The Vice-President will fulfil the functions delegated by the Constitution, by the President directly or through law.[10] Also, he will stand-in for the President in cases of temporary or permanent absence. [11] The President of the Republic nominates and discharges the Ministers of State, the Attorney General, and directors of autonomous entities and ambassadors. However, in order to become effective, this nomination needs to be ratified by the National Assembly.[12] There are twelve Ministries in the current structure of the government.

In addition to the provisions contained in the Constitution, the Law of Organization, competences and procedures of the Executive Branch (Ley de Organización, Competencias y Procedimientos del Poder Ejecutivo) of March 29, 1998 and published in the official gazette Nº 102 of June 3, 1998, and amended in several occasions, is the specific law governing the Executive Branch.

3.2. Legislative Branch

The Legislative Branch is composed of the National Assembly. This state power is formed by ninety members elected by universal suffrage for a term of five years with their respective substitutes.[13] Twenty congressmen represent the nation and the rest represent the municipality where they were elected. Part of the National Assembly are also the former President and Vice- President and the runner-up candidates to President and Vice-President. The National Assembly has the primary duty of elaborating and enacting laws and decrees, and to amend and derogate them.[14]

The legislative branch is governed by the Organic Law of the Legislative Branch of the Republic of Nicaragua (Ley Orgánica del Poder Legislativo de la República de Nicaragua) and its amendments.

3.3. The Judicial Branch

The Judicial Branch’s primary function is to oversee and decide all the nation’s trials along with the execution of all judicial sentences. The Constitution states that the justices and judges in their judicial activity are independent and must obey only to the Constitution and the law; they are governed, among others, by the principles of equality, publicity and right to defence.[15]

The Organic Law of the Judicial Branch (Ley orgánica del poder judicial) and its reforms is the specific law regulating this state power. It was enacted on July 7, 1998 and published in the official gazette Nº 137 of July 23, 1998. The Organic Law of the Judicial Branch establishes a two-tier system not allowing more than two opportunities for judicial review.[16] The action of cassation is decided by the Supreme Court who has the power to modify or revoke a sentence and even dictate an entirely new sentence if the case calls for it.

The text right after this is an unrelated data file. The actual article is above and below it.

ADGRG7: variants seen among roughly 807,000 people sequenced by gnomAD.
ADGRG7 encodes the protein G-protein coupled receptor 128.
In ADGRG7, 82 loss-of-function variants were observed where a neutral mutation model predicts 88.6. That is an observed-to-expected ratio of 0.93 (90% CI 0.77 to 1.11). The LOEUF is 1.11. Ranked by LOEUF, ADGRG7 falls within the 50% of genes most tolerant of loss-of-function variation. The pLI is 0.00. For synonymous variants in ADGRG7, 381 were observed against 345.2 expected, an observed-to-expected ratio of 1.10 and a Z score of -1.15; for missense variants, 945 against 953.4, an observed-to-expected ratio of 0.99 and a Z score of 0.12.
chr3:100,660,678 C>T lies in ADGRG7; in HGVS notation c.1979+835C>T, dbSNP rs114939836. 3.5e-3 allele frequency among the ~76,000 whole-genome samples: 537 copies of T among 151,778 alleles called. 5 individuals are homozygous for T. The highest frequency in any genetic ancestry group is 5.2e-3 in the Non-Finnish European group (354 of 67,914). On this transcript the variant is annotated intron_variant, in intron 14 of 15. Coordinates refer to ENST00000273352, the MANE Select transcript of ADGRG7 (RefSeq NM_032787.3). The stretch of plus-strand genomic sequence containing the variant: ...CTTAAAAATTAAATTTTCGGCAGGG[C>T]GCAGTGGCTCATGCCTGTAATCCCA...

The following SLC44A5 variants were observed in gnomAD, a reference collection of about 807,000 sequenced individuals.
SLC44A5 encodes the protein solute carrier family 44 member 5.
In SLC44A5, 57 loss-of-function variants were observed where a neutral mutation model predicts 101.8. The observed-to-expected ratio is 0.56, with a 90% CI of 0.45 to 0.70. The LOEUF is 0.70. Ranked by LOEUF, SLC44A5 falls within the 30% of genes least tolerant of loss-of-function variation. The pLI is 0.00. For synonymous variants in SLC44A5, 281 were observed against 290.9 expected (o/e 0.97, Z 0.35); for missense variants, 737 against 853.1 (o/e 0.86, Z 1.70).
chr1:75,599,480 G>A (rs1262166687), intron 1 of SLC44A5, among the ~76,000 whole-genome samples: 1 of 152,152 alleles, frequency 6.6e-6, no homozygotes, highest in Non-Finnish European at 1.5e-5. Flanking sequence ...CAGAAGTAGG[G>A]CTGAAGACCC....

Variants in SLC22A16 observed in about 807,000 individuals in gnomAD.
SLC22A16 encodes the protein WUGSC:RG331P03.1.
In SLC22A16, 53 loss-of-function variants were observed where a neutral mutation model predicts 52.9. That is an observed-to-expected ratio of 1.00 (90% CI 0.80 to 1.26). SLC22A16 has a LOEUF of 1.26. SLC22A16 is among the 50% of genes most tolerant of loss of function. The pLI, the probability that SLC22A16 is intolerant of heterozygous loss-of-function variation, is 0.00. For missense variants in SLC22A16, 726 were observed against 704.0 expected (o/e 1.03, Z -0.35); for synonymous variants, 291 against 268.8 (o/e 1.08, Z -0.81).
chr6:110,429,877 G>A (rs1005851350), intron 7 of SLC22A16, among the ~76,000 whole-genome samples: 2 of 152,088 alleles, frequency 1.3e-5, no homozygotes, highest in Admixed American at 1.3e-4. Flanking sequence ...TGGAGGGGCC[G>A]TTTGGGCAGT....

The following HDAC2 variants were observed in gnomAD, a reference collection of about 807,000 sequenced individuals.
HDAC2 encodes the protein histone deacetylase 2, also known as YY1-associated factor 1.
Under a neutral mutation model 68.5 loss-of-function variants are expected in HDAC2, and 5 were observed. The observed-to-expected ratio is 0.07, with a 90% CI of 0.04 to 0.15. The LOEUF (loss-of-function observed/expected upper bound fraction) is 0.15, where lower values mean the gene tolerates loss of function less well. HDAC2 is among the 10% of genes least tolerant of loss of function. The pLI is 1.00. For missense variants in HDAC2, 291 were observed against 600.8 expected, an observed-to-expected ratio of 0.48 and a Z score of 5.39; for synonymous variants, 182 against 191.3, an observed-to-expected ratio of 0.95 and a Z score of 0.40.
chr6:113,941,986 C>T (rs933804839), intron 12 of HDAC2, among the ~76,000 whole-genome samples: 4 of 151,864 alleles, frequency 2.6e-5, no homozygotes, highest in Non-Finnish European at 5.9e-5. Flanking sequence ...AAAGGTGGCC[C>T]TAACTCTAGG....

The Nicaraguan legal system is formed by local judges, district judges, Court of Appeals and the Supreme Court of Justice. Local judges exercise their duty in the municipalities. A local judge has a specific competence over civil, labor, family or criminal matters, except in small municipalities where just one judge could be competent for all the matters mentioned before.

District judges exercise their duty in the departments and autonomous regions. They judge cases in civil, labor, family or criminal matters. However, it is possible that just one judge could be competent for all the matters mentioned before. To distinguish which case will be judged by whom (local or district judge) is used the criterion of the monetary amount of the lawsuit.

The Courts of Appeals review the appeals of the sentences dictated by the district judges. They are formed by no less than five justices. They also have exclusive jurisdiction over some matters.

The Supreme Court of Justice is formed by sixteen justices elected by the National Assembly for a term of five years. It is the highest court in the Republic. It is divided in four chambers: civil, criminal, constitutional and contentious-administrative. The decision of some matters, including the constitutionality of a law or decree, requires decision from the plenary of the court.

3.4. Electoral Branch

The electoral branch oversees the organization, direction and pronouncement of the elections (whether national or municipal), plebiscites, and referendums.[17] Elections of the President, Vice-President and congress take place every five years in the same election; the election of municipal authorities takes place every four years. The electoral branch is formed by the Electoral Supreme Council and other subordinated electoral organisms.[18] The Electoral Supreme Council is formed by seven members and three substitutes elected by the National Assembly.[19] The Electoral Branch is governed by the Electoral Law (Ley Electoral) and its amendments.